Jesus’ Death in the Gospel of John: Cosmic Battle

Judith Kovacs

Judith Kovacs wrote a must-read article on John 12.20-36, “Jesus’ Death as Cosmic Battle” in Journal of Biblical Literature 114/2 (1995), 227-247. In this article, Kovacs argues against Bultmann, Kasemann, and others who taught that John downplayed Jesus’ death in his Gospel. Not only does Kovacs show that Jesus’ death is central to John’s Gospel, she also approaches it in light of Christian and Jewish apocalyptic texts. The apocalyptic texts are all about cosmic battle, judgment, and victory; in John’s Gospel, all these happen on the cross, Jesus’ “hour” of glory.

Kovacs asks, “Might the theme of cosmic conflict and the view that Jesus’ death is the decisive victory of God over the forces of evil be more important in John’s theology than is usually recognized?” (p. 229). I believe her article (coupled with other scholars) answers that question in the positive.

“Taken together, the sayings in 12:31-32, 14:30-31, and 16:8-11 suggest that the Fourth Evangelist sees the death, resurrection, and ascent of Jesus as the turning point in the conflict between God and the forces of evil. It remains to be shown that these texts are not isolated sayings but signal a theme that has importance for the Gospel as a whole” (p. 231). All of the contrasts in John’s Gospel (darkness/light, below/above, this world/the world to come, death/life, wolf/shepherd, etc.) reveal the conflict: “The story this Gospel has to tell concerns the battle between God and Satan – a battle acted out in the sphere of human history” (p. 233).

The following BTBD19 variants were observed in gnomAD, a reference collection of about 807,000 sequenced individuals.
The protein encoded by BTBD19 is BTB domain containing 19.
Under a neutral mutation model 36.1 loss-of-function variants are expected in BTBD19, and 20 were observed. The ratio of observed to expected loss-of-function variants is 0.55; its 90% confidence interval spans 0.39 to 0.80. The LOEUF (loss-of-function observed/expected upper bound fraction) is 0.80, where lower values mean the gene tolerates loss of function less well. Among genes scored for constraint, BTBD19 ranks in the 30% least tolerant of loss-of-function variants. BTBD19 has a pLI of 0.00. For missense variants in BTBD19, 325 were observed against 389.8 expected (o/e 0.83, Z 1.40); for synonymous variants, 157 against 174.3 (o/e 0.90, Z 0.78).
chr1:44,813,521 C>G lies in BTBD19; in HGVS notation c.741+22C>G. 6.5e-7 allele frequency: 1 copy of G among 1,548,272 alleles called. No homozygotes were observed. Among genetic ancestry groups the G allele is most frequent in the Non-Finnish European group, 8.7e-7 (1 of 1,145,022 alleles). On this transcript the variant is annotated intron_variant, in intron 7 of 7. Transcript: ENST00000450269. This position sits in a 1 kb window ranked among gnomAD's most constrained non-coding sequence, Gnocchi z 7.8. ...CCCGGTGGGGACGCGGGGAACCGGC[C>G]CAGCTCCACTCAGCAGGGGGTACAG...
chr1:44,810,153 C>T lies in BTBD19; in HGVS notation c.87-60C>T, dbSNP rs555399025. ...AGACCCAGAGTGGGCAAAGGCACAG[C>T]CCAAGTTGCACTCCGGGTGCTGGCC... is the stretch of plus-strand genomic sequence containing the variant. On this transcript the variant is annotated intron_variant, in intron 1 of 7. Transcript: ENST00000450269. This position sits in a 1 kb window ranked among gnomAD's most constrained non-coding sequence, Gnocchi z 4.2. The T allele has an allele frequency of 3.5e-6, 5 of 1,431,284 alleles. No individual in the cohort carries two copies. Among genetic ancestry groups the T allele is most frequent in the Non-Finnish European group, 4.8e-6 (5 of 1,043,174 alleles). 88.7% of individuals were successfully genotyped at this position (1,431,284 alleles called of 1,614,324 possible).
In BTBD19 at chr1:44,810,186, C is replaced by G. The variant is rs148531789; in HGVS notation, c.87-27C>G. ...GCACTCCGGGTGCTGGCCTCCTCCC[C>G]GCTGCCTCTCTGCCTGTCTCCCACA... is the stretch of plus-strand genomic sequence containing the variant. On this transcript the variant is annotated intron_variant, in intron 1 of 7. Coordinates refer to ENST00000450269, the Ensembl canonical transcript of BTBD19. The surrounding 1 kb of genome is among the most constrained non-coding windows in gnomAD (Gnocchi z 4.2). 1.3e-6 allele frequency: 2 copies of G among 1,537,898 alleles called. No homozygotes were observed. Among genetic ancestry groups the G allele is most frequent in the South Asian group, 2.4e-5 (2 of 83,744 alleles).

Kovacs also utilizes F.M. Cross’ Canaanite Myth and Hebrew Epic as she highlights the conflict. First, the divine warrior goes to battle. Second, nature convulses at the manifestation of the warrior’s wrath. Third, after victory, the warrior returns to his throne on his mountain; finally, the warrior speaks from his temple and fertility results (p. 236). This is right: these themes are highlighted in John’s Gospel, even down to the fertility point (cf. 12.24). The OT pagan myths are deconstructed and reconstructed, so to speak, by the epic story of the Son of God fulfilling all the warrior passages of the OT.

One more helpful area Kovacs mentions is John’s legal aspect: she says that “the Gospel combines forensic imagery with images of battle” (p. 238). Here she is building on the works of A. E. Harvey, J. Neyrey, and J. L. Martyn, who also noted the legal motif in John. Note: she wrote before A. T. Lincoln did much of his work on John’s gospel, so throw his stuff into the legal/trial mix as well (see also previous posts on this blog under “Lincoln”). Indeed, John also combines the legal and cosmic motifs in Revelation (cf. p. 239).

Let me end with a concluding paragraph by Kovacs. “When the evangelist refers to the cross as ‘glorification,’ he is not simply engaging in clever wordplay, attempting, as it were, to gloss over an embarrassing part of the early Christian tradition. Instead, he is drawing on an ancient mythic pattern in order to make sense of his community’s experience – the terrible jolt of Jesus’ violent departure, followed by the miraculous evidence…of Jesus’ vindication and of the greater power he now exercises as enthroned king” (p. 246).

shane lems

sunnyside wa